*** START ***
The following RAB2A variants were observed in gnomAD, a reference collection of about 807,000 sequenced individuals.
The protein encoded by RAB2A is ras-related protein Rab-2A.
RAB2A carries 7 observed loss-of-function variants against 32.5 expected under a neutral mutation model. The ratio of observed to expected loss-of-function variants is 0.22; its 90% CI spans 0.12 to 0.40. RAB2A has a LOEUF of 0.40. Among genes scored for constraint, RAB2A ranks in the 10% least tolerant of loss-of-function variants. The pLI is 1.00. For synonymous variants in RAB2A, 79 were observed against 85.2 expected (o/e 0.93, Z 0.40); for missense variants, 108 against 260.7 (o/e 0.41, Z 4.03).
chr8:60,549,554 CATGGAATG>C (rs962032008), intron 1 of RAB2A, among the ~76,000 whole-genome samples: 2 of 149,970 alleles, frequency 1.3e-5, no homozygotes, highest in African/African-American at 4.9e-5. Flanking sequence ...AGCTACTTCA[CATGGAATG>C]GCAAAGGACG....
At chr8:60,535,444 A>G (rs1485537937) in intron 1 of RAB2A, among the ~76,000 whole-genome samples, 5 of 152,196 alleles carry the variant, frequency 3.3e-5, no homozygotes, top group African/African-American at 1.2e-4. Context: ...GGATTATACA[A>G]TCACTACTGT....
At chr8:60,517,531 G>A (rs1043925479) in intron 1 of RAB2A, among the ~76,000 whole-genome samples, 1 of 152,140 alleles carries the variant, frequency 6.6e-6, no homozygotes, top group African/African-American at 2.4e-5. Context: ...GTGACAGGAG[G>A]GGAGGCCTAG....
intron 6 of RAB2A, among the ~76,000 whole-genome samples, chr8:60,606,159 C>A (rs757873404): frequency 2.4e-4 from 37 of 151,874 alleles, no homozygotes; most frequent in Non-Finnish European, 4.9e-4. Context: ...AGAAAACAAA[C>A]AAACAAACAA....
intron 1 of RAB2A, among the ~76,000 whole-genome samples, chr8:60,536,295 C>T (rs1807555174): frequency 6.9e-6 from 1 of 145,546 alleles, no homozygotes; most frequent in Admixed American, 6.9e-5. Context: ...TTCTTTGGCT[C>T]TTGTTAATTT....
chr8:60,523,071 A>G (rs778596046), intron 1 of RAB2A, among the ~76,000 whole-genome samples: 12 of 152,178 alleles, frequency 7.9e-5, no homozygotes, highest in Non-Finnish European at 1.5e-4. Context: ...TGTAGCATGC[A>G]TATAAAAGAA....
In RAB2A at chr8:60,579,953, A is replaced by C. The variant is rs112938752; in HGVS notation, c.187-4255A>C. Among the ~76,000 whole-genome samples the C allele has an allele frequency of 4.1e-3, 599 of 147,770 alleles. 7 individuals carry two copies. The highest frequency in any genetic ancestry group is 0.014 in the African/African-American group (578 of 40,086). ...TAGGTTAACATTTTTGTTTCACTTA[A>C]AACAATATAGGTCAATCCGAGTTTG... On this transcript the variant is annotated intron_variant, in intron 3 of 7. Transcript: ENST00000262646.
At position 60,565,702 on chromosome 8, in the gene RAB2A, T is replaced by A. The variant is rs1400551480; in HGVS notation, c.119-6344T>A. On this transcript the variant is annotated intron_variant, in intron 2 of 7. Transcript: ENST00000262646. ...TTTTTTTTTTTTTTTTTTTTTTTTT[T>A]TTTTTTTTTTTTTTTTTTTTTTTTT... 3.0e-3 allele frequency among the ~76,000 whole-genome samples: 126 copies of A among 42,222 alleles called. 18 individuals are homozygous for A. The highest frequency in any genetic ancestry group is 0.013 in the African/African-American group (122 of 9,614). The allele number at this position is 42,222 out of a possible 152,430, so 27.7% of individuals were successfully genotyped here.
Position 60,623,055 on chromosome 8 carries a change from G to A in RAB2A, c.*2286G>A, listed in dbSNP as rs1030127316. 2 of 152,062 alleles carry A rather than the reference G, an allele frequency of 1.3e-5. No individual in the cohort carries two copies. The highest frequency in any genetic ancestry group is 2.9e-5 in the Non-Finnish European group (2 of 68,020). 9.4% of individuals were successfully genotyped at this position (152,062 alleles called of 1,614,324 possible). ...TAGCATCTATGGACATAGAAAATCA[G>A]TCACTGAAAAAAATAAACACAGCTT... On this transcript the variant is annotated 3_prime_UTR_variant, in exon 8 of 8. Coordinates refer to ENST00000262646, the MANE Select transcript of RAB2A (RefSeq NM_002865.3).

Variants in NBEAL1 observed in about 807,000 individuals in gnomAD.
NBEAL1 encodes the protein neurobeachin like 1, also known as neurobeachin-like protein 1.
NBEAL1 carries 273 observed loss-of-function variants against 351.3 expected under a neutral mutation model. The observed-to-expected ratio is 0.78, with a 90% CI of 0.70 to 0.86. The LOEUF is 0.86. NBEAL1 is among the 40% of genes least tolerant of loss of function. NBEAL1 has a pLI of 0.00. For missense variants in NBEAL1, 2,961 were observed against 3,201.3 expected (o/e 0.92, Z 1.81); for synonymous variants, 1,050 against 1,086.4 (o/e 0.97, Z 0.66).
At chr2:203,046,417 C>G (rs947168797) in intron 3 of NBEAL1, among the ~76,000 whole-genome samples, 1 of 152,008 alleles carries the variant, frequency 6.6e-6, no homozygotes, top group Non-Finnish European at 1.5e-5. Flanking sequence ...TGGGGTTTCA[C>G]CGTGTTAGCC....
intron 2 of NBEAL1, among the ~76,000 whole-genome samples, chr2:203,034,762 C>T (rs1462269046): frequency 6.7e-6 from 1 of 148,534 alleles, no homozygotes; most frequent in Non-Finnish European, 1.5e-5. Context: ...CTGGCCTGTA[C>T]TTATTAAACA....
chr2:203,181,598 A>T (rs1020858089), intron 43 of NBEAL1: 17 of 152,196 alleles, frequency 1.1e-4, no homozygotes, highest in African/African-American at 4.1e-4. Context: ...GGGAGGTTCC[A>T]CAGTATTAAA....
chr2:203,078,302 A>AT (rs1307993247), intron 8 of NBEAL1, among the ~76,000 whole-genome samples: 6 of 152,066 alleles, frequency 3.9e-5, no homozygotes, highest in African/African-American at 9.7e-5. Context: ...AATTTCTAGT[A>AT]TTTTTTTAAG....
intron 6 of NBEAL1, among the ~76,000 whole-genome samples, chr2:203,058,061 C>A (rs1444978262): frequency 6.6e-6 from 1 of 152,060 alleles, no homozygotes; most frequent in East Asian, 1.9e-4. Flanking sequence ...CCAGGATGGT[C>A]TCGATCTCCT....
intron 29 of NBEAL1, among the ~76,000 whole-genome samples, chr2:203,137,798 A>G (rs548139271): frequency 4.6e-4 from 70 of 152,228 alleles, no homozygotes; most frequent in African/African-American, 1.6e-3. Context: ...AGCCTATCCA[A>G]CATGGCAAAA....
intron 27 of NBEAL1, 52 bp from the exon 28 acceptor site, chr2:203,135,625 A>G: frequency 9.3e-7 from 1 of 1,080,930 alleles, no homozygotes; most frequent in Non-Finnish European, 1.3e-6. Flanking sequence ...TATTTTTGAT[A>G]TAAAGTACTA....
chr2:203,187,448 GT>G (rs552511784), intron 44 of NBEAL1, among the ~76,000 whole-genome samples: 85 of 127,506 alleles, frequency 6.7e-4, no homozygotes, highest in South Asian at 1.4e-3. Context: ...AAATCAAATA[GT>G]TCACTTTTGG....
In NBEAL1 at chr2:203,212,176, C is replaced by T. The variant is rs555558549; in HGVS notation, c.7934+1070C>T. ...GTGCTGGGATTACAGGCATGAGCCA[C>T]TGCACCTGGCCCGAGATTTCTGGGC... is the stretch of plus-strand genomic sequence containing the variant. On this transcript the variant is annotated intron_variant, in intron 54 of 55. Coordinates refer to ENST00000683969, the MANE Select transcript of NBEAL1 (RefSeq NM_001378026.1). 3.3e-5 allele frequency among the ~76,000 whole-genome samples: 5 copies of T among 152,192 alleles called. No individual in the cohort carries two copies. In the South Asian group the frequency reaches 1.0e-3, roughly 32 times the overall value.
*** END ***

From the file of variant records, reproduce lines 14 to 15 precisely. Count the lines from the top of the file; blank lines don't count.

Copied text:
NBEAL1 encodes the protein neurobeachin like 1, also known as neurobeachin-like protein 1.
NBEAL1 carries 273 observed loss-of-function variants against 351.3 expected under a neutral mutation model. The observed-to-expected ratio is 0.78, with a 90% CI of 0.70 to 0.86. The LOEUF is 0.86. NBEAL1 is among the 40% of genes least tolerant of loss of function. NBEAL1 has a pLI of 0.00. For missense variants in NBEAL1, 2,961 were observed against 3,201.3 expected (o/e 0.92, Z 1.81); for synonymous variants, 1,050 against 1,086.4 (o/e 0.97, Z 0.66).